She began her career as a programmer at MIT, where she worked on some of the earliest computers. Hamilton made many important contributions to software engineering during her time at Lincoln Laboratory. She developed new methods for designing and testing software, which became known as “the Hamilton approach.” This approach is still used today by many software developers.
In 1969, Hamilton moved to NASA’s Ames Research Center to work on the Apollo Guidance Computer (AGC) project that became an essential component of the Apollo missions.
Lynn Conway – Transforming VLSI Design
Lynn Conway is one of the most influential women in IT and technology. She is best known for her work in the area of Very-Large-Scale Integration (VLSI) design. Conway has been credited with transforming the field of VLSI design. Her work has led to development of new and more efficient ways to design integrated circuits. As a result, she is considered one of the pioneers in the field of modern electronic design automation (EDA).
Conway’s work has also had a major impact on the semiconductor industry. She is responsible for developing many of the industry’s standard cell libraries. These libraries are used by chip designers to create complex integrated circuits. In addition to her work in VLSI design, Conway has also made significant contributions to computer science and engineering education. She is a co-founder of the Association for Computing Machinery’s Special Interest Group on Computer Science Education (SIGCSE). She also served as the first chair of SIGCSE’s steering committee.
Joy Buolamwini – AI and Facial Recognition Activist
Joy Buolamwini is an AI and facial recognition activist who has been working to improve the accuracy of these technologies for people of color. She is the founder of the Algorithmic Justice League, a nonprofit that works to raise awareness about the potential biases in algorithms and artificial intelligence.
Joy’s work has been instrumental in bringing attention to the issue of biased facial recognition technology. In 2018, she testified before the US Congress on the need for regulation of these technologies. Her work has also been featured in major news outlets, such as The New York Times, The Washington Post, and NPR.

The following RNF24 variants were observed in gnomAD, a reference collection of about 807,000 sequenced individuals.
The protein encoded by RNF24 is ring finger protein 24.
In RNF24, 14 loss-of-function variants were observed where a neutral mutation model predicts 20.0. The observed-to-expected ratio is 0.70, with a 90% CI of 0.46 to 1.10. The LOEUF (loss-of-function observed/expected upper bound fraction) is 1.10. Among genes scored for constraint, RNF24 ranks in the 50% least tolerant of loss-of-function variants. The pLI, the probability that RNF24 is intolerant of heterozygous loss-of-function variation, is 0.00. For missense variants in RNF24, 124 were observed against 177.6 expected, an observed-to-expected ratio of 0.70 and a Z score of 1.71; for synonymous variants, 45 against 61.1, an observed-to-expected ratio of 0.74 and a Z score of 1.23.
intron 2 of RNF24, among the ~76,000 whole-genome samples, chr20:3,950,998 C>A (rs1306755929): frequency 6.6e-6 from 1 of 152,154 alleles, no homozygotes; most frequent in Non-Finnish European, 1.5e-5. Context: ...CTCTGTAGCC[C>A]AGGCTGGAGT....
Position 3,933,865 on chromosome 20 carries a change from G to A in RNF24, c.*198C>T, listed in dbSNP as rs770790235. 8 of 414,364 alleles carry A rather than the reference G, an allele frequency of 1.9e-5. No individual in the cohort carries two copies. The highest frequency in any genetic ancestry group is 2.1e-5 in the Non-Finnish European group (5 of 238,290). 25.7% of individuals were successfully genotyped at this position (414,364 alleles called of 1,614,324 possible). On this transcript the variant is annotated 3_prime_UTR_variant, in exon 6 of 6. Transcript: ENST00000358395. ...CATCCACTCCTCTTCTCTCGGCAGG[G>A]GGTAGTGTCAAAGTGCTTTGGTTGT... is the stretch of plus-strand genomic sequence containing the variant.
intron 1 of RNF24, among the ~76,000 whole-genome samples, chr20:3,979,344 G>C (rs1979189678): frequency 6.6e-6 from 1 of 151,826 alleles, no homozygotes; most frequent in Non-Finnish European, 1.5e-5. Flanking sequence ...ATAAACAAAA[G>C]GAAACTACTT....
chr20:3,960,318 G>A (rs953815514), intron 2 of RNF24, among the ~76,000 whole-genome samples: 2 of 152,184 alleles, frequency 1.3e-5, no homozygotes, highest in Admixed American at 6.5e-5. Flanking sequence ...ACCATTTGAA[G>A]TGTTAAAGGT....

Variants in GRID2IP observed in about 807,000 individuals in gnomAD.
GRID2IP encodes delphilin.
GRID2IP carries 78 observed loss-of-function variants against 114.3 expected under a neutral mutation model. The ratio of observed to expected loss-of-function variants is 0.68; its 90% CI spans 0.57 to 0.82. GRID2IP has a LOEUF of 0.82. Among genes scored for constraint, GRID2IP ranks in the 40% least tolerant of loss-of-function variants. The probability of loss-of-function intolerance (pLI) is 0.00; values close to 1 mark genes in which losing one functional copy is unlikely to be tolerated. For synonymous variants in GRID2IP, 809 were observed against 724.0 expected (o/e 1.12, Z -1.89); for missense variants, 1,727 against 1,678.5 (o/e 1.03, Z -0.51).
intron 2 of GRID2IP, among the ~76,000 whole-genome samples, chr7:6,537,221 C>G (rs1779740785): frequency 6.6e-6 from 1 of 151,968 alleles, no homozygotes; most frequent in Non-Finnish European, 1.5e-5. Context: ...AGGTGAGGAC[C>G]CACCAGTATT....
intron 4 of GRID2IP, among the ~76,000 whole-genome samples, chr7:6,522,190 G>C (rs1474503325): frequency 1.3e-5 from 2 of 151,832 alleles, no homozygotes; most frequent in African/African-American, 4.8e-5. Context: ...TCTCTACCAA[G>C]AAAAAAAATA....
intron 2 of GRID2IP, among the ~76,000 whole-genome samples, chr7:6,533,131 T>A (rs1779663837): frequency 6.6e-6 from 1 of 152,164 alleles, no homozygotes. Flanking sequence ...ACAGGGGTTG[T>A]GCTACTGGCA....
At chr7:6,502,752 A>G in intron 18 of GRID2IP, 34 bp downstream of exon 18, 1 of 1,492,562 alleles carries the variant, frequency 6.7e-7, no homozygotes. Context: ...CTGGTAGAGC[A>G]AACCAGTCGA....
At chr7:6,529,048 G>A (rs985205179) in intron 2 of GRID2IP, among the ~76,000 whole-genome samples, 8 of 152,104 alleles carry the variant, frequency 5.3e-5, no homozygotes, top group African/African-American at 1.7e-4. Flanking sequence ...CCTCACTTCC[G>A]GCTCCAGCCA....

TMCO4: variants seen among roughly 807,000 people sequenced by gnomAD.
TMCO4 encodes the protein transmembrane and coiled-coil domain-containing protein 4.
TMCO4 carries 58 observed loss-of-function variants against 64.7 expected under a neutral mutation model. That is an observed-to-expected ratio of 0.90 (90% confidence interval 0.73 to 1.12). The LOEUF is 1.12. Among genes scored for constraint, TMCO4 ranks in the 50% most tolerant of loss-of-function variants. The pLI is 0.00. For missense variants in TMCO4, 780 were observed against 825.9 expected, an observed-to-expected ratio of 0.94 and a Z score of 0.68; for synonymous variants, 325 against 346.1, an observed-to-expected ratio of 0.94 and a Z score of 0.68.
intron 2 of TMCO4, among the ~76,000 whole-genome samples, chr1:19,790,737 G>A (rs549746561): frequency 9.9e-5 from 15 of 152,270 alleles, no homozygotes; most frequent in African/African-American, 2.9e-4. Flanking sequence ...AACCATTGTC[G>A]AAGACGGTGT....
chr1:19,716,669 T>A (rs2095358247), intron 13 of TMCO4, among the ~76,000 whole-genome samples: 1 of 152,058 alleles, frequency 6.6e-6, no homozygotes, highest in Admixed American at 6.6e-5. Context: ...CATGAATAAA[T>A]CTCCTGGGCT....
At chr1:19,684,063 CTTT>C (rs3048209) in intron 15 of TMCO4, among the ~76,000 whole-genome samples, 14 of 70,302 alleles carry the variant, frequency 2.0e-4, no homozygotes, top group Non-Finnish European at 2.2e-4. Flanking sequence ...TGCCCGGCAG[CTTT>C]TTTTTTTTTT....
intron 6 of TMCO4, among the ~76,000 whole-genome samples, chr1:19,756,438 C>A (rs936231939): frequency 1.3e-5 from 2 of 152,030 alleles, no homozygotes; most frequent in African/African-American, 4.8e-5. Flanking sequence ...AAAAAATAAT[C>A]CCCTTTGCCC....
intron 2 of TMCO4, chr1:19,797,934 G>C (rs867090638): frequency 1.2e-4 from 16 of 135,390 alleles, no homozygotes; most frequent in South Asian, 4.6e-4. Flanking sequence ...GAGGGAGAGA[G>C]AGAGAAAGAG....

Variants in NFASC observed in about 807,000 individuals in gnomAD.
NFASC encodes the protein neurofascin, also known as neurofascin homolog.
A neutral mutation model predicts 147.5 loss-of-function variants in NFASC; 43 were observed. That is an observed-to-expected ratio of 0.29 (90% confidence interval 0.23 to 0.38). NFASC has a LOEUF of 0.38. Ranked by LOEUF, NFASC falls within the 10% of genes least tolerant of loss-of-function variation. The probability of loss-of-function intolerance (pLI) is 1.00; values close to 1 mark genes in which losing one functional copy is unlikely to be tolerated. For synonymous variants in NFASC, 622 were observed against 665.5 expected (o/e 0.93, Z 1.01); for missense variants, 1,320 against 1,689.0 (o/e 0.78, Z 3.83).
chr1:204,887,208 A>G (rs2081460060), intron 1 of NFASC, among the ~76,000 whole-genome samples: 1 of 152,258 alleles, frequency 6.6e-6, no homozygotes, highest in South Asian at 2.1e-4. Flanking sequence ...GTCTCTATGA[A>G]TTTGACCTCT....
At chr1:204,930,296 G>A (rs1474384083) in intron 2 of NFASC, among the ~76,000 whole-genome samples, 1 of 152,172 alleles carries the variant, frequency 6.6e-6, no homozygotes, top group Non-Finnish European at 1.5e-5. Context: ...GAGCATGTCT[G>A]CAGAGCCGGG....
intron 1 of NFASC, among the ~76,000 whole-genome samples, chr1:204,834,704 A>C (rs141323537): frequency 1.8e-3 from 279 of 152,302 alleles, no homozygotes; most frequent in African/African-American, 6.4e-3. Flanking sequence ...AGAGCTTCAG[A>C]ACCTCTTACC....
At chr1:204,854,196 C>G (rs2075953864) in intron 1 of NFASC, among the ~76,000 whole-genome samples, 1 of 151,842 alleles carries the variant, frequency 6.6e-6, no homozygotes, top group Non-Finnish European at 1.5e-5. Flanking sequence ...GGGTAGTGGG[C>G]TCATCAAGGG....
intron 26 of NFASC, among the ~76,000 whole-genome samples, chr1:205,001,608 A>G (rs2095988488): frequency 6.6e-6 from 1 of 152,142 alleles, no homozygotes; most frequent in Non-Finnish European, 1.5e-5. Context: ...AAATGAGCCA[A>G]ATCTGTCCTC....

Katherine Johnson – Mathematician and NASA
Katherine Johnson was one of the first African American women to work as a mathematician at NASA. She is best known for her work on the Apollo Moon landing, where she calculated the trajectory of the spacecraft. She also worked on the Space Shuttle program and the Earth Resources Satellite program. Johnson’s work was essential for the success of the Apollo 11 mission, as she calculated the trajectories required to make a safe landing.
In addition to her work at NASA, Johnson has written several books on mathematics and science and is an advocate for STEM education. Her contributions to the field of astrophysics have been widely recognized, and she continues to inspire young women in science today.
In 2015, she was awarded the Presidential Medal of Freedom by President Barack Obama.
Hedy Lamarr – Talented inventor and actress
Hedy Lamarr was an Austrian-American actress and inventor during World War II. She is credited with helping to develop a spread-spectrum technology that is the basis for modern wireless communications, such as WiFi and Bluetooth.
During World War II, Lamarr became interested in helping the war effort. She met with composer George Antheil to develop a frequency-hopping signal that could be used to guide torpedoes without being detected by enemy radar. The system they developed used a player piano to change the frequency of the signal, making it impossible for the enemy to track or jam the signal.
Sophie Wilson – Computer scientist who co-designed the first ARM microprocessor
Sophie Wilson is a British computer scientist who designed the Acorn Micro-Computer, better known as the BBC Micro. She also created the first ARM microprocessor. Wilson’s work on the BBC Micro helped to launch the home computer revolution in the UK in the 1980s. The machine was designed to be affordable and easy to use, and it quickly became one of the bestselling computers of its time.
The BBC Micro was used in schools across Britain, and it was instrumental in introducing a generation of children to computing. Wilson’s work on the machine earned her a place in the Guinness Book of World Records as the “youngest person ever to design a commercially successful microcomputer.”